Friday, July 25, 2008

The Invention of Everything Else

Throughout the summer, whether at Maryknoll, sitting watching the laughing gulls at Chincoteague, or waiting at the train station for Becca, I’ve spent small snatches of time on Samantha Hunt’s The Invention of Everything Else. Today I finished it and I’m not sure whether I loved it or am indifferent to it. That’s because the book is so uneven.

The dazzling and creative descriptions of life in New York City in 1943 that make up the background of much of the book were well-done, drawing the reader into what life at that time much have been like. And I found Nikola Tesla, who for most of the book, is an old man holed up in the Hotel New Yorker with his pigeons, fascinating. I really enjoyed both Hunt’s imaginings of what his inner thoughts were along with the flashbacks to his being exploited by Thomas Edison or beaten out of the Nobel Prize by Marchese Marconi, hanging out with Mark Twain, or sitting in the park with his pigeons.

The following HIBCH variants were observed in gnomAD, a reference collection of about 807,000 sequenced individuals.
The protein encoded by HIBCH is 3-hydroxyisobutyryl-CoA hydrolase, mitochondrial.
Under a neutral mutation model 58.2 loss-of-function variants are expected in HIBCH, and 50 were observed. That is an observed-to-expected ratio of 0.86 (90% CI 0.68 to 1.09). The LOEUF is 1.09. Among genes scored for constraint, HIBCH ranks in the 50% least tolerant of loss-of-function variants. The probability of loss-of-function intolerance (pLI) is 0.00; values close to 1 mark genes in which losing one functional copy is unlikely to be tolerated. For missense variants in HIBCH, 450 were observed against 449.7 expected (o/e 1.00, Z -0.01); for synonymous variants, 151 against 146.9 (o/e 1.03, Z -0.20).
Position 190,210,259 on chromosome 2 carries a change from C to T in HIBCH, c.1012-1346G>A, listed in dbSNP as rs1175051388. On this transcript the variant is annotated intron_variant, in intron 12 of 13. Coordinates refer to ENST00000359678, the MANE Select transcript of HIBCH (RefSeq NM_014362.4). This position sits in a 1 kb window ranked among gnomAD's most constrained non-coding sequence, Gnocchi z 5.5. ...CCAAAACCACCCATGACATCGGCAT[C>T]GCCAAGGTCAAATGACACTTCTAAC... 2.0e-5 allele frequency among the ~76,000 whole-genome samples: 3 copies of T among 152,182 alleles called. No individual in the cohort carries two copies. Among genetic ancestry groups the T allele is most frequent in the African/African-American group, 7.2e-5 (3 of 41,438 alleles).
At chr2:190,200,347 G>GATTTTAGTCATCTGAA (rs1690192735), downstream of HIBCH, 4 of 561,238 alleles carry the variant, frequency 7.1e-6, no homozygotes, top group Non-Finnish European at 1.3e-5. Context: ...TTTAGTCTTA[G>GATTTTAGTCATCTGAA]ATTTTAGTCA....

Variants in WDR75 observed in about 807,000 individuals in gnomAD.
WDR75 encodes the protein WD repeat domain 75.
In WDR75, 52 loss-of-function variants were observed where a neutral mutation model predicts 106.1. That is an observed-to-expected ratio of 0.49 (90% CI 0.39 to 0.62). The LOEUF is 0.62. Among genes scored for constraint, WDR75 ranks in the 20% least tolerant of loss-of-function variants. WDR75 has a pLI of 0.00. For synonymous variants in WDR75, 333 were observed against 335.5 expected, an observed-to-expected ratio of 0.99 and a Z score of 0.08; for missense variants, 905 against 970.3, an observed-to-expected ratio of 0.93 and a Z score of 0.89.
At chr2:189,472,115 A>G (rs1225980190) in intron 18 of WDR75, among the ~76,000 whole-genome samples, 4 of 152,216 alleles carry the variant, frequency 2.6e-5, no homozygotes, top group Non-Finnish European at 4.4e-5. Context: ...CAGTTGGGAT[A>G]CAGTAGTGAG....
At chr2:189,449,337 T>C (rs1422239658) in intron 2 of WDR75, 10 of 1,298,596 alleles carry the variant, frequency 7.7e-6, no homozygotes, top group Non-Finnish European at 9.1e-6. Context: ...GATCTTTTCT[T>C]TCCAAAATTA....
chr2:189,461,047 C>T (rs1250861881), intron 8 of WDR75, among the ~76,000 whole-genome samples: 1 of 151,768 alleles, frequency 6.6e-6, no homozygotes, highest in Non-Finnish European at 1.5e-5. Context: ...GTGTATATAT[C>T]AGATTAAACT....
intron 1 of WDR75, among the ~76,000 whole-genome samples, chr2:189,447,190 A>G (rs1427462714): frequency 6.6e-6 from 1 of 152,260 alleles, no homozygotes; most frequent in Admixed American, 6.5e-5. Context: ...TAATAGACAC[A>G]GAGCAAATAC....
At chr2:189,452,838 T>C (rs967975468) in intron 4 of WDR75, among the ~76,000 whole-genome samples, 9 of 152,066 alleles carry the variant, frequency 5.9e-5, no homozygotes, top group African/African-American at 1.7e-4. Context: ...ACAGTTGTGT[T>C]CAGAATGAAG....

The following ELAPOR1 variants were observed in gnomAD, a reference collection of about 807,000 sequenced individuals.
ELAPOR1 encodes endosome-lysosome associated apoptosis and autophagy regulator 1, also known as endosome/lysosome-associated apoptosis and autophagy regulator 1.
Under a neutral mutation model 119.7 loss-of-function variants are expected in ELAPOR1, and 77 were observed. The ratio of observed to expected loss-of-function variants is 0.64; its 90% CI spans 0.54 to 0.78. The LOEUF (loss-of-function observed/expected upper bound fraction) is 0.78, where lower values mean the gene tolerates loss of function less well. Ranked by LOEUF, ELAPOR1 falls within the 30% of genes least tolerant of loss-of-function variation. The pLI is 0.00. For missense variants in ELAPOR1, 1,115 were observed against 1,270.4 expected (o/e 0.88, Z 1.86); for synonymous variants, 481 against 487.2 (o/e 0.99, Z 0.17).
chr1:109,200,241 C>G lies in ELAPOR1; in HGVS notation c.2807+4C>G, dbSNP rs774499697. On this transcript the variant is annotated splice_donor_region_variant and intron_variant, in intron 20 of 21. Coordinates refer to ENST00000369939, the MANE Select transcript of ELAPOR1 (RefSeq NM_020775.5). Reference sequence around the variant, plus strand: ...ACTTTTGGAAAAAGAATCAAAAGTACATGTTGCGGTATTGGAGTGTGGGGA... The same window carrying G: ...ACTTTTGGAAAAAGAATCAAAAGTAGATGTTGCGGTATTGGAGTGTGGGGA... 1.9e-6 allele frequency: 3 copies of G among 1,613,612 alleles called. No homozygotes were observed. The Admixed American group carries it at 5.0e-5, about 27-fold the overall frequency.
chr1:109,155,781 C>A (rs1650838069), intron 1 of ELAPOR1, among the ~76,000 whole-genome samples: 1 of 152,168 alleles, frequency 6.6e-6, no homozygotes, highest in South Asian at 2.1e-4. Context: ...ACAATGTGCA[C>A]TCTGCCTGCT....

But what I didn’t care much about was the other main character, Louisa Dewell, who is a 24-year-old main working at the hotel. I kept waiting to get interested in her life—in her relationship with her father and crazy uncle who wants to travel through time, in her romantic interests, in her pigeons, or even in her relationship with Tesla. It never happened. (And I’d expected the opposite, since reviews I read had said that Hunt was much better at describing the thoughts and feelings of the 24-year-old than the 86-year-old.)

So I'll have to ruminate some more on whether or not the book was worth my time. Right now I'm just not sure.

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